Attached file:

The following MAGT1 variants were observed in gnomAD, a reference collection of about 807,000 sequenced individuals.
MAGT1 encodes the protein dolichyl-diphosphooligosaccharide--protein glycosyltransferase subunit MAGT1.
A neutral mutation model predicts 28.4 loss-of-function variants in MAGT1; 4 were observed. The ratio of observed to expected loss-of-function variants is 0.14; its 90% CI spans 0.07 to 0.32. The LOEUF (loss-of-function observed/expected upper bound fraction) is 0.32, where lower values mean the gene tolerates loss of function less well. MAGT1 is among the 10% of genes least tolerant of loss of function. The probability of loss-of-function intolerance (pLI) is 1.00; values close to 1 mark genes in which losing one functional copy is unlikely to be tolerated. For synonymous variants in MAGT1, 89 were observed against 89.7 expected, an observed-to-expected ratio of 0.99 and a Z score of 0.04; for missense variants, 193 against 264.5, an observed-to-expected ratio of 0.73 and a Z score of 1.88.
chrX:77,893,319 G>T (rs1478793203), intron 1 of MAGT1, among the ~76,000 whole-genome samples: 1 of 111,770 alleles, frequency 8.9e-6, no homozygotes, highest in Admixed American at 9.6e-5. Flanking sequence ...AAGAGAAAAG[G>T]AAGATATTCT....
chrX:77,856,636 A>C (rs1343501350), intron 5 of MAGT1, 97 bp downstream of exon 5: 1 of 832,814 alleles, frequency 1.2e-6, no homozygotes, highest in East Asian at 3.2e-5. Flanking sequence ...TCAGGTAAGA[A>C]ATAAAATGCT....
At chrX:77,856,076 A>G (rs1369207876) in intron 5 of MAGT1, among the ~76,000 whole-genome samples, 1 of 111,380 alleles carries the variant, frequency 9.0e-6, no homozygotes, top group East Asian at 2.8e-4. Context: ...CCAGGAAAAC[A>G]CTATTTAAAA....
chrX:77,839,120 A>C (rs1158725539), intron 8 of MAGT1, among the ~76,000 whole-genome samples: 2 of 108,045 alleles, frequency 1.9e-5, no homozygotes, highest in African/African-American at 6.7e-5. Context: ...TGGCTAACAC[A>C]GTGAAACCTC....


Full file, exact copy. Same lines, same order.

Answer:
The following MAGT1 variants were observed in gnomAD, a reference collection of about 807,000 sequenced individuals.
MAGT1 encodes the protein dolichyl-diphosphooligosaccharide--protein glycosyltransferase subunit MAGT1.
A neutral mutation model predicts 28.4 loss-of-function variants in MAGT1; 4 were observed. The ratio of observed to expected loss-of-function variants is 0.14; its 90% CI spans 0.07 to 0.32. The LOEUF (loss-of-function observed/expected upper bound fraction) is 0.32, where lower values mean the gene tolerates loss of function less well. MAGT1 is among the 10% of genes least tolerant of loss of function. The probability of loss-of-function intolerance (pLI) is 1.00; values close to 1 mark genes in which losing one functional copy is unlikely to be tolerated. For synonymous variants in MAGT1, 89 were observed against 89.7 expected, an observed-to-expected ratio of 0.99 and a Z score of 0.04; for missense variants, 193 against 264.5, an observed-to-expected ratio of 0.73 and a Z score of 1.88.
chrX:77,893,319 G>T (rs1478793203), intron 1 of MAGT1, among the ~76,000 whole-genome samples: 1 of 111,770 alleles, frequency 8.9e-6, no homozygotes, highest in Admixed American at 9.6e-5. Flanking sequence ...AAGAGAAAAG[G>T]AAGATATTCT....
chrX:77,856,636 A>C (rs1343501350), intron 5 of MAGT1, 97 bp downstream of exon 5: 1 of 832,814 alleles, frequency 1.2e-6, no homozygotes, highest in East Asian at 3.2e-5. Flanking sequence ...TCAGGTAAGA[A>C]ATAAAATGCT....
At chrX:77,856,076 A>G (rs1369207876) in intron 5 of MAGT1, among the ~76,000 whole-genome samples, 1 of 111,380 alleles carries the variant, frequency 9.0e-6, no homozygotes, top group East Asian at 2.8e-4. Context: ...CCAGGAAAAC[A>G]CTATTTAAAA....
chrX:77,839,120 A>C (rs1158725539), intron 8 of MAGT1, among the ~76,000 whole-genome samples: 2 of 108,045 alleles, frequency 1.9e-5, no homozygotes, highest in African/African-American at 6.7e-5. Context: ...TGGCTAACAC[A>C]GTGAAACCTC....